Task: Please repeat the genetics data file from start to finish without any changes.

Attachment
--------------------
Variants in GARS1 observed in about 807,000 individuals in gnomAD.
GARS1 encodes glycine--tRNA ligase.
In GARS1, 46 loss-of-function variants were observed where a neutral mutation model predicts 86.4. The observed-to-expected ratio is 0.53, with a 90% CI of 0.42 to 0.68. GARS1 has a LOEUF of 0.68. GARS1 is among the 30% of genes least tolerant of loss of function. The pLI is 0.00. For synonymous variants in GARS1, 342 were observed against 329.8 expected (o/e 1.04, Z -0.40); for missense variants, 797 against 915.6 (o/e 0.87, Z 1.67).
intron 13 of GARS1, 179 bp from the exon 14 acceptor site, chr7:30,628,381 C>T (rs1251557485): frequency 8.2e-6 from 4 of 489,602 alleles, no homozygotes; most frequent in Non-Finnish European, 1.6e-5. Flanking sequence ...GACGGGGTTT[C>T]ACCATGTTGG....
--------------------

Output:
Variants in GARS1 observed in about 807,000 individuals in gnomAD.
GARS1 encodes glycine--tRNA ligase.
In GARS1, 46 loss-of-function variants were observed where a neutral mutation model predicts 86.4. The observed-to-expected ratio is 0.53, with a 90% CI of 0.42 to 0.68. GARS1 has a LOEUF of 0.68. GARS1 is among the 30% of genes least tolerant of loss of function. The pLI is 0.00. For synonymous variants in GARS1, 342 were observed against 329.8 expected (o/e 1.04, Z -0.40); for missense variants, 797 against 915.6 (o/e 0.87, Z 1.67).
intron 13 of GARS1, 179 bp from the exon 14 acceptor site, chr7:30,628,381 C>T (rs1251557485): frequency 8.2e-6 from 4 of 489,602 alleles, no homozygotes; most frequent in Non-Finnish European, 1.6e-5. Flanking sequence ...GACGGGGTTT[C>T]ACCATGTTGG....